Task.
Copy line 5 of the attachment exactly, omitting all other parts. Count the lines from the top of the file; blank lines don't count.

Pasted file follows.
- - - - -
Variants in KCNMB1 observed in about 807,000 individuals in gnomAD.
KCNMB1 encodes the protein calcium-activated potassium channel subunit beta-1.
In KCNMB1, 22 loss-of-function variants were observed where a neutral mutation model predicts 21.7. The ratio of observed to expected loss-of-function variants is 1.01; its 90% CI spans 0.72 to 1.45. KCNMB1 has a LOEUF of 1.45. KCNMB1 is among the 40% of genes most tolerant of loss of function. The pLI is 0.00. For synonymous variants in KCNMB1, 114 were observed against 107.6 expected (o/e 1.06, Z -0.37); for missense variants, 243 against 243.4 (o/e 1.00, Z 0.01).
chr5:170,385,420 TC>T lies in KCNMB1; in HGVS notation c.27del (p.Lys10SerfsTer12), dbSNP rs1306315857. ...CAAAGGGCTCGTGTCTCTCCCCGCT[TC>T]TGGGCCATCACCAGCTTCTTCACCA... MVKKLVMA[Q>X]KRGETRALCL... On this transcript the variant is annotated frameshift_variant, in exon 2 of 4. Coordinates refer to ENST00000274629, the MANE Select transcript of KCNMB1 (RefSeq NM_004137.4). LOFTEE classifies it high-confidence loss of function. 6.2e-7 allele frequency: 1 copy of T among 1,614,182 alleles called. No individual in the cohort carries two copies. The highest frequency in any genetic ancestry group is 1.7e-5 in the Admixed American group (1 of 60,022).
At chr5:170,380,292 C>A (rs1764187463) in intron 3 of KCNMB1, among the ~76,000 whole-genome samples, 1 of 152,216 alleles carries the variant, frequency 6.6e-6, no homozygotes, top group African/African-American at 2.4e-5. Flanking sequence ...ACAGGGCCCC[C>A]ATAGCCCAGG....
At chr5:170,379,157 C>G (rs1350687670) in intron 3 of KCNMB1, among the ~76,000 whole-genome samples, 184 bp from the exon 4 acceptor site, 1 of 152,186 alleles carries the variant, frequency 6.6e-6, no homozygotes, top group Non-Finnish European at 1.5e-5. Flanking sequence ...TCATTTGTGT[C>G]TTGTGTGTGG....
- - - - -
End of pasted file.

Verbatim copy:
At chr5:170,380,292 C>A (rs1764187463) in intron 3 of KCNMB1, among the ~76,000 whole-genome samples, 1 of 152,216 alleles carries the variant, frequency 6.6e-6, no homozygotes, top group African/African-American at 2.4e-5. Flanking sequence ...ACAGGGCCCC[C>A]ATAGCCCAGG....